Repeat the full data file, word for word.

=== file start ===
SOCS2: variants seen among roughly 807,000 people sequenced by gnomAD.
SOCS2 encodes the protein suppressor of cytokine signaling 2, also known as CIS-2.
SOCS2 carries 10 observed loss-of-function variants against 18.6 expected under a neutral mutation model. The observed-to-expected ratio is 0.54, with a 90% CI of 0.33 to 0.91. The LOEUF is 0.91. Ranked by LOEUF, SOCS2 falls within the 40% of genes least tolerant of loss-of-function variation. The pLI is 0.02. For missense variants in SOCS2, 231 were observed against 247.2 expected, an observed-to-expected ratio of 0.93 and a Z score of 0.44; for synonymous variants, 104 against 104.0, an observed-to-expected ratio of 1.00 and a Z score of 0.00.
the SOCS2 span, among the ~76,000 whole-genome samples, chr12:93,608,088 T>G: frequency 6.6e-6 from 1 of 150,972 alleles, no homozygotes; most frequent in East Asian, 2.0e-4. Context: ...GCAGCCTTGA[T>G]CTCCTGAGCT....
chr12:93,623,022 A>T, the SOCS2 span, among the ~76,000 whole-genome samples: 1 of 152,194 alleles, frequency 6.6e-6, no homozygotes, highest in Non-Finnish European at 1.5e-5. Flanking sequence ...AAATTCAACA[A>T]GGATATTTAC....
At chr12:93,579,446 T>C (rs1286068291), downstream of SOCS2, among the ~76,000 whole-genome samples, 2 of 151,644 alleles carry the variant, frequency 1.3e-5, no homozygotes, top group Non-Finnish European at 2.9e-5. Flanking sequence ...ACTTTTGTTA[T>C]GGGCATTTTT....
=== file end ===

SOCS2: variants seen among roughly 807,000 people sequenced by gnomAD.
SOCS2 encodes the protein suppressor of cytokine signaling 2, also known as CIS-2.
SOCS2 carries 10 observed loss-of-function variants against 18.6 expected under a neutral mutation model. The observed-to-expected ratio is 0.54, with a 90% CI of 0.33 to 0.91. The LOEUF is 0.91. Ranked by LOEUF, SOCS2 falls within the 40% of genes least tolerant of loss-of-function variation. The pLI is 0.02. For missense variants in SOCS2, 231 were observed against 247.2 expected, an observed-to-expected ratio of 0.93 and a Z score of 0.44; for synonymous variants, 104 against 104.0, an observed-to-expected ratio of 1.00 and a Z score of 0.00.
the SOCS2 span, among the ~76,000 whole-genome samples, chr12:93,608,088 T>G: frequency 6.6e-6 from 1 of 150,972 alleles, no homozygotes; most frequent in East Asian, 2.0e-4. Context: ...GCAGCCTTGA[T>G]CTCCTGAGCT....
chr12:93,623,022 A>T, the SOCS2 span, among the ~76,000 whole-genome samples: 1 of 152,194 alleles, frequency 6.6e-6, no homozygotes, highest in Non-Finnish European at 1.5e-5. Flanking sequence ...AAATTCAACA[A>T]GGATATTTAC....
At chr12:93,579,446 T>C (rs1286068291), downstream of SOCS2, among the ~76,000 whole-genome samples, 2 of 151,644 alleles carry the variant, frequency 1.3e-5, no homozygotes, top group Non-Finnish European at 2.9e-5. Flanking sequence ...ACTTTTGTTA[T>C]GGGCATTTTT....